Okay, so I made oat bars

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You know how you just suddenly crave oats? No? Okay…

Ahem.

Well, you know how you just loathe everyday cooking and you’ve promised your boyfriend that you won’t eat any candy but you want to and realize that there’s a solution to both your problems? A magical way of circumferencing that big block of candy-denial that is the man that keeps on showing up at your apartment when you’re trying to claw open the chocolate bar in the fridge while trying to find like rocks that are the same weight as chocolate to put into the chocolate packaging for the quick little Indiana Jones-swap in case your he checks your fridge for looting?

Okay, good, now you’re with me!

The step following your clever solution-step is googling “granola bars”. A lot. Because people put the weirdest shit in these, man. Like more butter than oats? Milk? Honey, syrup, sugar AND brown sugar? Seriously? I’m cutting candy so I can avoid diabetes, man. DRIED CRANBERRIES? What are we, savages?

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So when you finally find a recipe that’s like doable with some alterations, it’s half past ten in the evening and you just sort of roll off of the couch and make your dullest late-Saturday-night shopping ever, consisting of seeds, dried prunes and white chocolate. It could mislead you to believe that I don’t have a very exciting life.

Okay, so I don’t. There’s nothing wrong with that!

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After all that strain to rush to the store, I unloaded everything in the kitchen and promptly went to bed, slept for eight hours, and then drank coffee for four hours before I ventured towards the bags of dry things loitering on my stove top. The making of my oat bars were of enough urgency to make me go biking for an hour a Saturday evening… obviously.

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As Toby, who was eliminated in the first episode of season 4 of Great British Bake Off said; “And I have grrrrrated my thumb”. Here in the north, we always sacrifice a smidgeon of blood to make the cooking fulfilling for all parts.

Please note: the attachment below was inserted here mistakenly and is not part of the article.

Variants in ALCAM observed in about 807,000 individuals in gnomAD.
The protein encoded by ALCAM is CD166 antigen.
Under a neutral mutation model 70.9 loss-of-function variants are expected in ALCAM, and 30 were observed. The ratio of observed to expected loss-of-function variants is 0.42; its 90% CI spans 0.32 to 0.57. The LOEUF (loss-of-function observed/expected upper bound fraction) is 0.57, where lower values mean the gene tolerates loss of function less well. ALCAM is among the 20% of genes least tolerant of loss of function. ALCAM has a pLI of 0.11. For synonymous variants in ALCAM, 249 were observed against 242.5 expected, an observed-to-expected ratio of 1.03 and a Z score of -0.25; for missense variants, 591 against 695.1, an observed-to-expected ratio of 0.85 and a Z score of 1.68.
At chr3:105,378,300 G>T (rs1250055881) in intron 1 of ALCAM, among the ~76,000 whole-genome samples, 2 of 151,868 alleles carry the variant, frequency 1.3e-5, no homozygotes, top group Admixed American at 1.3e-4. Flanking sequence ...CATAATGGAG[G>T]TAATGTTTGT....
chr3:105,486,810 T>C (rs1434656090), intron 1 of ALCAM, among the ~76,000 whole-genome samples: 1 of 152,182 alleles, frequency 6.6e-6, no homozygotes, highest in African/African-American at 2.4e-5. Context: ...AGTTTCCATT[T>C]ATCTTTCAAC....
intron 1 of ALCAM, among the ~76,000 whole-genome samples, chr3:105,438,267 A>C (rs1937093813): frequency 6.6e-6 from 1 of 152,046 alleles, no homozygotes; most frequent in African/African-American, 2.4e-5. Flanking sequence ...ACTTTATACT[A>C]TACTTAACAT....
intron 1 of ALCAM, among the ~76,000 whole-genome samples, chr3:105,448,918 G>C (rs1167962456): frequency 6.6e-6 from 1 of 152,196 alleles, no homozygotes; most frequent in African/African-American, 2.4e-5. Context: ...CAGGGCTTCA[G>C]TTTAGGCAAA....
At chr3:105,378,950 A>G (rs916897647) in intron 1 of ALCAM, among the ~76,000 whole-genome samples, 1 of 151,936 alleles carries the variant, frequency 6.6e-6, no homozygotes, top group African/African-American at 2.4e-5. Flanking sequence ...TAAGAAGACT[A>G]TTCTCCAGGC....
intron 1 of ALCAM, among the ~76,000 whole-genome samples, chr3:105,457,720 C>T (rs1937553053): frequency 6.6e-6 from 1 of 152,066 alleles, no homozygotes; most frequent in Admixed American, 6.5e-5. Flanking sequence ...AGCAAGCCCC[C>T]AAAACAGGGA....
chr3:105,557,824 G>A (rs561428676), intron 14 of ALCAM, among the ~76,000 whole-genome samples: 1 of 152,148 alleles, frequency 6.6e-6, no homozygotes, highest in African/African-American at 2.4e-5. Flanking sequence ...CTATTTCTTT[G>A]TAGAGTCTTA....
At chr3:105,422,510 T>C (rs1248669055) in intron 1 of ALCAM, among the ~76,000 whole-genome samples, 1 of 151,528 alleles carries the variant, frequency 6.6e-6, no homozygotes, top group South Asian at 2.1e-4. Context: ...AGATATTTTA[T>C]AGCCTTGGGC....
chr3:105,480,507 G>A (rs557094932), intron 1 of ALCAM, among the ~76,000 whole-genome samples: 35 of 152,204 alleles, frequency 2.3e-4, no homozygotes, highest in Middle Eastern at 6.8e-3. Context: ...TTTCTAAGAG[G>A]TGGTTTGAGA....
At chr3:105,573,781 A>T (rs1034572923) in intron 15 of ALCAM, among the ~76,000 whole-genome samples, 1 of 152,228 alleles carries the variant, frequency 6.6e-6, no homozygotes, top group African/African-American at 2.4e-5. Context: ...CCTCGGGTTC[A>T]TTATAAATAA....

Then about three hours of roasting oats, pouring things into bowls, humming hesitantly, doubting my purpose in life, going through dabs of all forms of sugar in my household, melting chocolate and chopping prunes ensued. What? I complain about cranberries and then use PRUNES? I’m half-Finnish, dude. One of the classic Finnish desserts is a dark brown sludge that exactly resembles sticky chocolate pudding but is merely WHEAT boiled until dead and then you pour a tad of full fat cream on it and remember the olden lands full of bark and darkness. Prunes are true joy, I tell you!

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Raspberry and white chocolate, probably the most popular of the three kinds.

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Prunes and dark chocolate. Gloriously Finnish.

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Chocolate and orange, I totally winged it because there are NO RECIPES on chocolate and orange oat bars that doesn’t contain stupid stuff like bananas or orange concentrate. I pressed one orange’s juices and zested two, that was more than enough to flavour it!

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The oat bars were tried and tested and approved by me and my gastronomical support that approves of everything I cook because that means he doesn’t have to. I still got a ton in the fridge; they’re supposed to last for like two weeks if kept cold. They are indeed a little… healthy tasting inspite of the chocolate and sticky sugaryness that keeps the oats somewhat from falling all over your clothes when you try and eat them, but all in all, they’re a great treat!


Here are the recipes I read and altered after my own silly tastes. The first one is the base for the prune and orange ones, the second is the raspberry and white chocolate one.